Laurén et al. find that, within PrPC, amino-acid residues 95–110 are crucial for Aβ binding. Interestingly, the enzyme α-secretase — which precludes Aβ production by cleaving the Aβ precursor protein APP within the Aβ domain — also cleaves PrPC between residues 111 and 112 (ref. 10), thus releasing from the membrane the portion of PrPC to which Aβ would otherwise bind. So one way to prevent both Aβ production and the activation of downstream mediators by PrPC might be to increase α-secretase activity.

Laurén and colleagues' observations create fertile ground for future investigations. One question is how the synthetic Aβ oligomers they characterized relate to the synthetic Aβ oligomers or natural, disease-associated oligomers that have been characterized by other researchers. For instance, does PrPC mediate the effects of Aβ dimers isolated from brains of people with Alzheimer's disease11, or of the Aβ*56 oligomer, which causes memory deficits in mouse models of this disease1,2?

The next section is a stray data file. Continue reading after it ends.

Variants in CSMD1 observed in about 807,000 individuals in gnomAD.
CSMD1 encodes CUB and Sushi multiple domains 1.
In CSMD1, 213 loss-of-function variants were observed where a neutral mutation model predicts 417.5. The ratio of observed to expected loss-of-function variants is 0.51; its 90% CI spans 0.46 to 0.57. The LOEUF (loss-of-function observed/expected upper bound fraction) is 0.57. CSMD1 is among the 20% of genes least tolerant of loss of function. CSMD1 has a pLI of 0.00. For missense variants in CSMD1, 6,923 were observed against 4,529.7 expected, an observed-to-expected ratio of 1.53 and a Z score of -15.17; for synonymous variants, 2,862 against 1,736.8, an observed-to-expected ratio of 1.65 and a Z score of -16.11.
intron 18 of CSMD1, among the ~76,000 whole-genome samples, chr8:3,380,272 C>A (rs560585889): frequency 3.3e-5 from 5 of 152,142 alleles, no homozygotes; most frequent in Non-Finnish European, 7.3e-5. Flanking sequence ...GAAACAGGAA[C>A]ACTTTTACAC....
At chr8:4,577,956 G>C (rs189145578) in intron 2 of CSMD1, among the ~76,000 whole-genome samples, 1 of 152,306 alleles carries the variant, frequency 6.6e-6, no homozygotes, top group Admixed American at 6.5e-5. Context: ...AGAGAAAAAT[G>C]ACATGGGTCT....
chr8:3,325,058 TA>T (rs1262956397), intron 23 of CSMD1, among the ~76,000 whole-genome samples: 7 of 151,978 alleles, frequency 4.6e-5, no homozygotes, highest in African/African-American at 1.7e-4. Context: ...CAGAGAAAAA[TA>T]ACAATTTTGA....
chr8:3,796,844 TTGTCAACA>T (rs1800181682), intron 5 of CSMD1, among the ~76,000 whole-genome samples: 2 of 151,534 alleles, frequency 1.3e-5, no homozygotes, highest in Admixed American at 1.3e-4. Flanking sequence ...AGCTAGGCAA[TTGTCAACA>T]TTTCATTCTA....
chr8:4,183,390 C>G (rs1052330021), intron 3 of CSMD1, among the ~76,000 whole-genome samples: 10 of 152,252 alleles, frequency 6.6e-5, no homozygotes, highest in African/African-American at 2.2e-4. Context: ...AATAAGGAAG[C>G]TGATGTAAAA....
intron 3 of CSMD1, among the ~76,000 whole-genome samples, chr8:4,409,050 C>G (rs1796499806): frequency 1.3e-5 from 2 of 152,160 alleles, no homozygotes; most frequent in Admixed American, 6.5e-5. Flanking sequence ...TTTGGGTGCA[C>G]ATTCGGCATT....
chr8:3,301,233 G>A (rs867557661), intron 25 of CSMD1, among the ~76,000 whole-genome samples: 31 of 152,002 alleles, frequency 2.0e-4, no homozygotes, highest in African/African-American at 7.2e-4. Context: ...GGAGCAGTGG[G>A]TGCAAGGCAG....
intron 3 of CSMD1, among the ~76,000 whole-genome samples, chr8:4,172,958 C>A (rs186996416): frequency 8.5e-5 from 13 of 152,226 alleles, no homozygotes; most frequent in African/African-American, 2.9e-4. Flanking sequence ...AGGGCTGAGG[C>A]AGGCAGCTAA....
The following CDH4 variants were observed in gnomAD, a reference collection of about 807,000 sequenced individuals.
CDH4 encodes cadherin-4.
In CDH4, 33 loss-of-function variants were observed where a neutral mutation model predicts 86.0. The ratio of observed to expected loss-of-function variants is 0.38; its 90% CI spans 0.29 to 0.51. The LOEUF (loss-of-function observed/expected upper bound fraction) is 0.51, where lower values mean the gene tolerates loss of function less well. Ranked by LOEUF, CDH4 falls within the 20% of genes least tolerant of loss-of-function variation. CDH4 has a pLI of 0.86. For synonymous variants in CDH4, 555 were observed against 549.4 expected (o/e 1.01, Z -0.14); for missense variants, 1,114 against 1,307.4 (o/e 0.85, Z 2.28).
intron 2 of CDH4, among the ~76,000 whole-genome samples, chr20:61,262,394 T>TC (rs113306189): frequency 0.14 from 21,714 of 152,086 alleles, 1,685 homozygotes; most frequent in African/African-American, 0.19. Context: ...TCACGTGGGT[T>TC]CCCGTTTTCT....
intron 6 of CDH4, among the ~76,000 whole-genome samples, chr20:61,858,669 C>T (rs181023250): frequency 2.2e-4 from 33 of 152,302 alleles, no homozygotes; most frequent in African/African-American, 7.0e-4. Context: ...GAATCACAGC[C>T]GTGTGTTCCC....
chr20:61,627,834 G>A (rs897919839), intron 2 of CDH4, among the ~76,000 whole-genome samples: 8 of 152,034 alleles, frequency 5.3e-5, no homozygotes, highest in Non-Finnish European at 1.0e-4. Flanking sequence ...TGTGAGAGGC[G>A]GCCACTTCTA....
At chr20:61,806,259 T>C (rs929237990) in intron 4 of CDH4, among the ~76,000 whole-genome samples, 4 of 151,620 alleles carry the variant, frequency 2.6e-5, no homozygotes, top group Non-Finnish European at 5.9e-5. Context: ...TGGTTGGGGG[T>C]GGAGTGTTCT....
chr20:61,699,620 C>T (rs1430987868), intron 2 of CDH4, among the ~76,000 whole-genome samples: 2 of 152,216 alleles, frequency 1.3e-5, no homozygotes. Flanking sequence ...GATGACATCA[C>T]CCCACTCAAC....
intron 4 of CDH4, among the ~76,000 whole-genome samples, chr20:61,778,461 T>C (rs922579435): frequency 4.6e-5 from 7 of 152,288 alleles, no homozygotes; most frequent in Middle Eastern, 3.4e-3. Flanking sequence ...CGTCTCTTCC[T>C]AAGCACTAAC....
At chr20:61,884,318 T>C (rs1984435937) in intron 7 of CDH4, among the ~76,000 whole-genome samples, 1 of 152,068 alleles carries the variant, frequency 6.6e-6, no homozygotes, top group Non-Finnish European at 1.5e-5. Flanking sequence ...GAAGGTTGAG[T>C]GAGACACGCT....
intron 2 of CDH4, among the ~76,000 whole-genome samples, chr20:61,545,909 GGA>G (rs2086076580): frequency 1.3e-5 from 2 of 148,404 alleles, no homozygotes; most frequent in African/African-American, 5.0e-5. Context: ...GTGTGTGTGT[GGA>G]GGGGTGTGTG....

How do the Aβ-induced effects on LTP that the authors observed in brain slices relate to cognitive impairments seen in Alzheimer's disease and in the related mouse models? To assess the clinical relevance and therapeutic potential of these findings4, interaction between PrPC and Aβ oligomers must be confirmed in patients with Alzheimer's disease, and the relationship between PrPC levels and cognitive decline should be explored. It would also be of interest to determine whether the cognitive deficits and behavioural alterations seen in mouse models of Alzheimer's disease can be prevented by ablating or reducing PrPC. For example, reducing the levels of the microtubule-associated protein Tau prevents cognitive deficits in mice with high levels of Aβ oligomers12. Human Tau forms complexes with PrP (ref. 13), so the toxicity of Aβ oligomers might involve interactions between PrPC and Tau.